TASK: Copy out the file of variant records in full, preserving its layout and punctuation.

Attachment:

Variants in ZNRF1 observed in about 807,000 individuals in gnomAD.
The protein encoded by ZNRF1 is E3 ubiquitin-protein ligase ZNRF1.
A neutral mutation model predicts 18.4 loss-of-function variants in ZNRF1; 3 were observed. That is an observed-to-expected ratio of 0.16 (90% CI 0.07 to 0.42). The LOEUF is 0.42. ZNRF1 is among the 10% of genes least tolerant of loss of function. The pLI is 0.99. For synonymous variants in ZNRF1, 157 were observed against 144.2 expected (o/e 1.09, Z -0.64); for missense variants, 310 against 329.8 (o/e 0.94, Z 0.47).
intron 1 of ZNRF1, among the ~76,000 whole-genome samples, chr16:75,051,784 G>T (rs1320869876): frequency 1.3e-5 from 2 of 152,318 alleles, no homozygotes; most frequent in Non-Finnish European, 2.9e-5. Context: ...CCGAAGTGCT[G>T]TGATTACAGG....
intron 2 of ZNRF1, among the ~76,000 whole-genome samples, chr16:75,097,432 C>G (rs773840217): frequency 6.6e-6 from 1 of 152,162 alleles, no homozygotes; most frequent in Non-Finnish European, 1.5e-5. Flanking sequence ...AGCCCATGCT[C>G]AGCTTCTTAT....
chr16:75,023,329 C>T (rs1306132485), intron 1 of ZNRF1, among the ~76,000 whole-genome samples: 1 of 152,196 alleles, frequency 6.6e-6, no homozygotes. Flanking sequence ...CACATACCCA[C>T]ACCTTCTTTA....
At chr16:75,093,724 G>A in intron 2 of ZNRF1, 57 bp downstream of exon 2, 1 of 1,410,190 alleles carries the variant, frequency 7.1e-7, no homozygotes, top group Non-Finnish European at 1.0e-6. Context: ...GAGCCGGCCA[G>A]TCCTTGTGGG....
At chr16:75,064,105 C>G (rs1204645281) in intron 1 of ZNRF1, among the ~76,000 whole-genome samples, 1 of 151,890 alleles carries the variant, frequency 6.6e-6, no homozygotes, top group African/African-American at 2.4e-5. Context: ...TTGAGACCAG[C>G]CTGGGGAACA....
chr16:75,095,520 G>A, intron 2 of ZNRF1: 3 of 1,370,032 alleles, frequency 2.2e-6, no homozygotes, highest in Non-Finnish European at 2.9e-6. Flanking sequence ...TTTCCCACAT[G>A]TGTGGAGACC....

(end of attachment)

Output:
Variants in ZNRF1 observed in about 807,000 individuals in gnomAD.
The protein encoded by ZNRF1 is E3 ubiquitin-protein ligase ZNRF1.
A neutral mutation model predicts 18.4 loss-of-function variants in ZNRF1; 3 were observed. That is an observed-to-expected ratio of 0.16 (90% CI 0.07 to 0.42). The LOEUF is 0.42. ZNRF1 is among the 10% of genes least tolerant of loss of function. The pLI is 0.99. For synonymous variants in ZNRF1, 157 were observed against 144.2 expected (o/e 1.09, Z -0.64); for missense variants, 310 against 329.8 (o/e 0.94, Z 0.47).
intron 1 of ZNRF1, among the ~76,000 whole-genome samples, chr16:75,051,784 G>T (rs1320869876): frequency 1.3e-5 from 2 of 152,318 alleles, no homozygotes; most frequent in Non-Finnish European, 2.9e-5. Context: ...CCGAAGTGCT[G>T]TGATTACAGG....
intron 2 of ZNRF1, among the ~76,000 whole-genome samples, chr16:75,097,432 C>G (rs773840217): frequency 6.6e-6 from 1 of 152,162 alleles, no homozygotes; most frequent in Non-Finnish European, 1.5e-5. Flanking sequence ...AGCCCATGCT[C>G]AGCTTCTTAT....
chr16:75,023,329 C>T (rs1306132485), intron 1 of ZNRF1, among the ~76,000 whole-genome samples: 1 of 152,196 alleles, frequency 6.6e-6, no homozygotes. Flanking sequence ...CACATACCCA[C>T]ACCTTCTTTA....
At chr16:75,093,724 G>A in intron 2 of ZNRF1, 57 bp downstream of exon 2, 1 of 1,410,190 alleles carries the variant, frequency 7.1e-7, no homozygotes, top group Non-Finnish European at 1.0e-6. Context: ...GAGCCGGCCA[G>A]TCCTTGTGGG....
At chr16:75,064,105 C>G (rs1204645281) in intron 1 of ZNRF1, among the ~76,000 whole-genome samples, 1 of 151,890 alleles carries the variant, frequency 6.6e-6, no homozygotes, top group African/African-American at 2.4e-5. Context: ...TTGAGACCAG[C>G]CTGGGGAACA....
chr16:75,095,520 G>A, intron 2 of ZNRF1: 3 of 1,370,032 alleles, frequency 2.2e-6, no homozygotes, highest in Non-Finnish European at 2.9e-6. Flanking sequence ...TTTCCCACAT[G>A]TGTGGAGACC....